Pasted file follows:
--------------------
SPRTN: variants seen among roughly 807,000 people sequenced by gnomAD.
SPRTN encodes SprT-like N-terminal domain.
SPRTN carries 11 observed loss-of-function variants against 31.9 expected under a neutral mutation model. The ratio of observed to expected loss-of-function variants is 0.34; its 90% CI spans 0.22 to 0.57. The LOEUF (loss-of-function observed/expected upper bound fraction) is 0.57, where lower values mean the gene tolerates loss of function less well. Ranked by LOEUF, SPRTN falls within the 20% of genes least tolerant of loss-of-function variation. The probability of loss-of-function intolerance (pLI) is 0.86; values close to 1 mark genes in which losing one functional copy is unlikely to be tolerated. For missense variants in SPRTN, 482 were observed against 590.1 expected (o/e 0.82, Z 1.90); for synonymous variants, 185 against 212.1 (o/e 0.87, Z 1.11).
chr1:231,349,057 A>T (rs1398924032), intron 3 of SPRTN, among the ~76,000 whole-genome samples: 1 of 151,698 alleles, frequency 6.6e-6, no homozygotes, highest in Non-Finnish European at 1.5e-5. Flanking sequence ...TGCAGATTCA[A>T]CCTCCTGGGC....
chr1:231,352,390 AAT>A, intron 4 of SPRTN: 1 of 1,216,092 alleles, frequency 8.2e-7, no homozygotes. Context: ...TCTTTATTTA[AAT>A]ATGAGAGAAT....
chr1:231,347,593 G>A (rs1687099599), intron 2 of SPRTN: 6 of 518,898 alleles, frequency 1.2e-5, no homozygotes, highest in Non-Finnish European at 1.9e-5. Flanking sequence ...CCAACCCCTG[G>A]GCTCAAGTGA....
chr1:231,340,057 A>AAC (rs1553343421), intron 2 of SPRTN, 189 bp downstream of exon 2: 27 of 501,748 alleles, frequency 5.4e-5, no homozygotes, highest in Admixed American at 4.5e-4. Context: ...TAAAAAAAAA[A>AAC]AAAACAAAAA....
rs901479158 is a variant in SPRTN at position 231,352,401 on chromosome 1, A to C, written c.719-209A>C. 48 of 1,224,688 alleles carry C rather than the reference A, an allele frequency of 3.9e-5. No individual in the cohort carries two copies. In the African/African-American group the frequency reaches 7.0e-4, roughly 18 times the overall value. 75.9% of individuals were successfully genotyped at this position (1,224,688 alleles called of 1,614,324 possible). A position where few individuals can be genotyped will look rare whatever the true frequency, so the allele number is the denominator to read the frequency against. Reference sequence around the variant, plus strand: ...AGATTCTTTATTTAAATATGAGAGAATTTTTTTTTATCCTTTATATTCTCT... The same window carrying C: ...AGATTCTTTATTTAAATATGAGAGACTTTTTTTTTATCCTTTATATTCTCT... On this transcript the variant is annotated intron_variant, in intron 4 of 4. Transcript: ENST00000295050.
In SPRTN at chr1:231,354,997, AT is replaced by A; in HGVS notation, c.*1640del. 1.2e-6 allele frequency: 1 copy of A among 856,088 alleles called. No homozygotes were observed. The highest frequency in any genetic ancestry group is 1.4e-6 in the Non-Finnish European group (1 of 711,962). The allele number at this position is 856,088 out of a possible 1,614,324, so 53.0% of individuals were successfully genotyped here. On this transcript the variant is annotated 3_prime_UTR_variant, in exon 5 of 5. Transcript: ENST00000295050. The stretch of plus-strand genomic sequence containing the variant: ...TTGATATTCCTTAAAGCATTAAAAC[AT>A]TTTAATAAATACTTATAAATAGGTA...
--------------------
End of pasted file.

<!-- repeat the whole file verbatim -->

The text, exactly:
SPRTN: variants seen among roughly 807,000 people sequenced by gnomAD.
SPRTN encodes SprT-like N-terminal domain.
SPRTN carries 11 observed loss-of-function variants against 31.9 expected under a neutral mutation model. The ratio of observed to expected loss-of-function variants is 0.34; its 90% CI spans 0.22 to 0.57. The LOEUF (loss-of-function observed/expected upper bound fraction) is 0.57, where lower values mean the gene tolerates loss of function less well. Ranked by LOEUF, SPRTN falls within the 20% of genes least tolerant of loss-of-function variation. The probability of loss-of-function intolerance (pLI) is 0.86; values close to 1 mark genes in which losing one functional copy is unlikely to be tolerated. For missense variants in SPRTN, 482 were observed against 590.1 expected (o/e 0.82, Z 1.90); for synonymous variants, 185 against 212.1 (o/e 0.87, Z 1.11).
chr1:231,349,057 A>T (rs1398924032), intron 3 of SPRTN, among the ~76,000 whole-genome samples: 1 of 151,698 alleles, frequency 6.6e-6, no homozygotes, highest in Non-Finnish European at 1.5e-5. Flanking sequence ...TGCAGATTCA[A>T]CCTCCTGGGC....
chr1:231,352,390 AAT>A, intron 4 of SPRTN: 1 of 1,216,092 alleles, frequency 8.2e-7, no homozygotes. Context: ...TCTTTATTTA[AAT>A]ATGAGAGAAT....
chr1:231,347,593 G>A (rs1687099599), intron 2 of SPRTN: 6 of 518,898 alleles, frequency 1.2e-5, no homozygotes, highest in Non-Finnish European at 1.9e-5. Flanking sequence ...CCAACCCCTG[G>A]GCTCAAGTGA....
chr1:231,340,057 A>AAC (rs1553343421), intron 2 of SPRTN, 189 bp downstream of exon 2: 27 of 501,748 alleles, frequency 5.4e-5, no homozygotes, highest in Admixed American at 4.5e-4. Context: ...TAAAAAAAAA[A>AAC]AAAACAAAAA....
rs901479158 is a variant in SPRTN at position 231,352,401 on chromosome 1, A to C, written c.719-209A>C. 48 of 1,224,688 alleles carry C rather than the reference A, an allele frequency of 3.9e-5. No individual in the cohort carries two copies. In the African/African-American group the frequency reaches 7.0e-4, roughly 18 times the overall value. 75.9% of individuals were successfully genotyped at this position (1,224,688 alleles called of 1,614,324 possible). A position where few individuals can be genotyped will look rare whatever the true frequency, so the allele number is the denominator to read the frequency against. Reference sequence around the variant, plus strand: ...AGATTCTTTATTTAAATATGAGAGAATTTTTTTTTATCCTTTATATTCTCT... The same window carrying C: ...AGATTCTTTATTTAAATATGAGAGACTTTTTTTTTATCCTTTATATTCTCT... On this transcript the variant is annotated intron_variant, in intron 4 of 4. Transcript: ENST00000295050.
In SPRTN at chr1:231,354,997, AT is replaced by A; in HGVS notation, c.*1640del. 1.2e-6 allele frequency: 1 copy of A among 856,088 alleles called. No homozygotes were observed. The highest frequency in any genetic ancestry group is 1.4e-6 in the Non-Finnish European group (1 of 711,962). The allele number at this position is 856,088 out of a possible 1,614,324, so 53.0% of individuals were successfully genotyped here. On this transcript the variant is annotated 3_prime_UTR_variant, in exon 5 of 5. Transcript: ENST00000295050. The stretch of plus-strand genomic sequence containing the variant: ...TTGATATTCCTTAAAGCATTAAAAC[AT>A]TTTAATAAATACTTATAAATAGGTA...